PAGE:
Europe’s car safety framework needs ‘overhaul’

  • March 22, 2016

Vehicle safety innovations are still benefitting too few road users in Europe due to an over-reliance on a voluntary testing programme rather than regulatory standards, according to a new report by ETSC.

For almost twenty years, increases in levels of car safety in Europe have been driven mainly by the voluntary Euro NCAP programme which awards the safest cars with a 5-star rating. But according to new data, only around half of new vehicles sold in 2013 had been awarded 5 stars by Euro NCAP during the 2010-13 testing cycle. One popular model, the Dacia Duster, received only 3 stars and performed particularly poorly in pedestrian safety crash tests.

The authors found marked differences between vehicle brands with Dacia’s poor performance overall on pedestrian protection being equalled by Land Rover and Jeep during the period covered. Volvo cars, in contrast, outperformed all manufacturers, on average, in every field of vehicle safety including occupant, child and pedestrian protection as well as in safety-assist systems.

Car occupants have also benefitted more than other road users from safety improvements according to ETSC, as cars have generally performed worse on pedestrian protection criteria than on adult or child occupant protection. ETSC is calling for vulnerable road users to also benefit from tighter vehicle safety standards through higher minimum standards for pedestrian protection from both regulators and from Euro NCAP.

The report also found that green vehicle tax shifts in countries including Denmark and the Netherlands had failed to take account of safety, leading to higher sales of cars with lower safety ratings. ETSC advises countries to offer tax incentives only to ‘clean and safe’ vehicles. Five-star models in the fuel efficient supermini class include the Ford Fiesta, Toyota Yaris and all-electric Renault Zoe.

According to ETSC, the main block to faster progress on safety is that legally-mandated safety standards are years out of date. A car that only meets the current minimum safety standards in the EU would receive a zero-star rating today from Euro NCAP according to the report. Euro NCAP only tests a selection of vehicles each year, and also does not test every variant of each model.

Antonio Avenoso, Executive Director of the European Transport Safety Council said:
“While Europe is still a leader in vehicle safety, this report shows that the benefits are far from being equally spread. We need an overhaul of vehicle safety in the EU to ensure that the latest advances benefit the many not the few. The starting point must be bringing today’s regulatory tests and required standard equipment bang up to date.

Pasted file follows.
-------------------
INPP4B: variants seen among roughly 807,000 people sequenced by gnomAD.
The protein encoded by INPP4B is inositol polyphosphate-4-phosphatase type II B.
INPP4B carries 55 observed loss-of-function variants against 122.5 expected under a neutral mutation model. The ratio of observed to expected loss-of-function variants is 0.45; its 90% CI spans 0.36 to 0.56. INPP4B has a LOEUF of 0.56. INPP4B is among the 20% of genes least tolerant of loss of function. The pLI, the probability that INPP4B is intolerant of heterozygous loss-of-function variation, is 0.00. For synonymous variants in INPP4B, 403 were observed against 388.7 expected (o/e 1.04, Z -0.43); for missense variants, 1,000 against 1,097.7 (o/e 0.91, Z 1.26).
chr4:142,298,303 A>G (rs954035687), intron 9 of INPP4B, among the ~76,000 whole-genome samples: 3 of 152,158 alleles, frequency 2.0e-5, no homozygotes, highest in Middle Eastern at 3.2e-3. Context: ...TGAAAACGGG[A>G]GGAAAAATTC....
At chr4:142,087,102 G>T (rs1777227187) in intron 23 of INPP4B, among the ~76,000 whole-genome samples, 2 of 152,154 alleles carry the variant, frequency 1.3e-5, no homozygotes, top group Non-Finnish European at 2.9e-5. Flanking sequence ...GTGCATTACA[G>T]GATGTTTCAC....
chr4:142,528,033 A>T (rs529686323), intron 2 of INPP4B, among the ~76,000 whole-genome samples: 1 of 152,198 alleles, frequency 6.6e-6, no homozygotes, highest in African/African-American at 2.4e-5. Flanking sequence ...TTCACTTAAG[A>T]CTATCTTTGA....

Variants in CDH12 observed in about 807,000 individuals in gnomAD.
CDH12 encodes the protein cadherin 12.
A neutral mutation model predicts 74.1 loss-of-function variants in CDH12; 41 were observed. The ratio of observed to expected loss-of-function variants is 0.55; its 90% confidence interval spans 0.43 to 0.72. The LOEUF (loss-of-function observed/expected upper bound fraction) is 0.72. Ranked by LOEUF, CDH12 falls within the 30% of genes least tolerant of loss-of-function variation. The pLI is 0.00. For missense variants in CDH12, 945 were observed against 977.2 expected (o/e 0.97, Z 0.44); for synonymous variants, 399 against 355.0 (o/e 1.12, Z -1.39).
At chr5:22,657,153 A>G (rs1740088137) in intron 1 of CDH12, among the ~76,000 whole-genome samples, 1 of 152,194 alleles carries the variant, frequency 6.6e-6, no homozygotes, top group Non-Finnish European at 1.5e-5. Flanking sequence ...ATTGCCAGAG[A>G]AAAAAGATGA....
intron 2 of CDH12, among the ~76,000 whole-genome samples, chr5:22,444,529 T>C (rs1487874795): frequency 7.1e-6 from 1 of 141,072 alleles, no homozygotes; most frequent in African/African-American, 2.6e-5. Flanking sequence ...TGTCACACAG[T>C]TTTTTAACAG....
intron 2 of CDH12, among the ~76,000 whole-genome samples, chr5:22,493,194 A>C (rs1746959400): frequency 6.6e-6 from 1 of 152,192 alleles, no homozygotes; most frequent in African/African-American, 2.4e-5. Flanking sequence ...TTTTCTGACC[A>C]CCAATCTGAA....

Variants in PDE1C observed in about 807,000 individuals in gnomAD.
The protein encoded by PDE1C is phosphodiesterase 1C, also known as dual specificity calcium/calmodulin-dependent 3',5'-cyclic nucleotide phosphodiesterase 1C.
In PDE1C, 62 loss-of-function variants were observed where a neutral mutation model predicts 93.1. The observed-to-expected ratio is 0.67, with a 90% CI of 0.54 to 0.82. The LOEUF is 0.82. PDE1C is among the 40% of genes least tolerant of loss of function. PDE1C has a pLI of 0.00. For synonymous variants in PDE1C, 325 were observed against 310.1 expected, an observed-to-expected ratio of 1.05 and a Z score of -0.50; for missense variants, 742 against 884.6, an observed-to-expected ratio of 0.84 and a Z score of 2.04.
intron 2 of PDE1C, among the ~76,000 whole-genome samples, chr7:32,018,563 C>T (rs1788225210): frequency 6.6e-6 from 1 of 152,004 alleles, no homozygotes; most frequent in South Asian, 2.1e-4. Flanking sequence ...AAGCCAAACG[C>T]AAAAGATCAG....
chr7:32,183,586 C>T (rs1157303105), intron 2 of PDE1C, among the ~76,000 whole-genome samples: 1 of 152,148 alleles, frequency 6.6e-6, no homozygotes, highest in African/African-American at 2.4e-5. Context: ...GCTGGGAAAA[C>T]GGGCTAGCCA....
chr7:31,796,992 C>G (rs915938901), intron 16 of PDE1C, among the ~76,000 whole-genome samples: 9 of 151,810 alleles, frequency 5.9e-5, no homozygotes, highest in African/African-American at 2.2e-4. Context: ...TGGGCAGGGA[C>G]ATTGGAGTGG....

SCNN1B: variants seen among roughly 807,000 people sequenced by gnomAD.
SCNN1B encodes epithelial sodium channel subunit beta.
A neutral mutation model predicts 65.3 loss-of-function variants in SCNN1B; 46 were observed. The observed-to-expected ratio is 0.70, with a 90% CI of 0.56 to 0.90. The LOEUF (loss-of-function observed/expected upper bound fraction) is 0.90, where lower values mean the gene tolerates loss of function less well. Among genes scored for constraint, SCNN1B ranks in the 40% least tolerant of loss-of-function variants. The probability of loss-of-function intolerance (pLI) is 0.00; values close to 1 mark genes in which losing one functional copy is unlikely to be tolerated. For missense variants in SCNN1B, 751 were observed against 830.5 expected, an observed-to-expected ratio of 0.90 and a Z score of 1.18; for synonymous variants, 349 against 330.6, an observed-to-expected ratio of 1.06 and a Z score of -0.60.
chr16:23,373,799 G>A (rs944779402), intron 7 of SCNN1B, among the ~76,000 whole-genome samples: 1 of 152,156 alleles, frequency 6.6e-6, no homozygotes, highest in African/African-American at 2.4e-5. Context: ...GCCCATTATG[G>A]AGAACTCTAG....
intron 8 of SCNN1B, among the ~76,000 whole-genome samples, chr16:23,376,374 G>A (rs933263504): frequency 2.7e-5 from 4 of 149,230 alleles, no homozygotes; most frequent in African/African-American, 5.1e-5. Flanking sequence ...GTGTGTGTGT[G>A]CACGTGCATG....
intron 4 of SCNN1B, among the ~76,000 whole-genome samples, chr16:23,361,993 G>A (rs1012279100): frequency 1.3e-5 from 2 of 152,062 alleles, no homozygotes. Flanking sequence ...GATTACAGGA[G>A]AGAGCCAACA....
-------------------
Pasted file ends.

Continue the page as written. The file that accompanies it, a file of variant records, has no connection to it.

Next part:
“In the past, it has taken twenty years for technologies such as Electronic Stability Control (ESC) to be made mandatory. This should not be allowed to happen again with the new generation of lifesaving tech such as Automated Emergency Braking, Intelligent Speed Assistance and passenger Seat Belt Reminders.”

The EU is set to revise vehicle safety standards, as well as the vehicle ‘type approval’ process over the coming year. ETSC is calling for a range of vehicle technologies including Intelligent Speed Assistance, Advanced Seat Belt Reminders and Automated Emergency Braking, to be made standard equipment and for mandatory crash tests to be upgraded to match the current Euro NCAP tests.

ETSC also says more work needs to be done to compare real world collision outcomes to laboratory crash test results. While the report found that several studies have found a correlation, on average, between higher Euro NCAP ratings, and a reduced chance of death or serious injury, the relationship is not true in all cases.

Real world collision investigation will become increasingly crucial as more cars are fitted with advanced technologies such as advanced emergency braking and lane assist because these systems are currently only tested in a limited and standardised way by Euro NCAP.

Henk Stipdonk, co-chair of the ETSC PIN programme and Head of Road Safety Assessment at SWOV, the Dutch institute for road safety research commented:
“To get a better understanding of how advanced driver assistance systems are behaving in the real world, we need to get a picture from across Europe of precisely what happens when these vehicles are involved in collisions. This will require in-vehicle electronic data recorders and a pan-European database of collision investigations. With this information, we can ensure that these systems are optimised and improved over time to save even more lives.

“Real world investigation, and shared data across Europe, will also enable regulators to react faster to pick up potentially lethal safety problems. For automated vehicles, in-depth real world collision investigation will become absolutely essential, that’s why regulators need to move fast.”

ETSC is calling for an open EU database of collision investigation information, that could be funded by a nominal contribution on the cost of every vehicle sold.

  • How Safe Are New Cars Sold in the EU?: An Analysis of the Market Penetration of Euro NCAP-Rated Cars. Available from:

Notes to editors:

  • 26,000 people died on Europe’s roads in 2014 and 200,000 were seriously injured;
  • Videos by ETSC explaining the benefits of Intelligent Speed Assistance (ISA) and Advanced Seat Belt Reminders can be viewed on YouTube.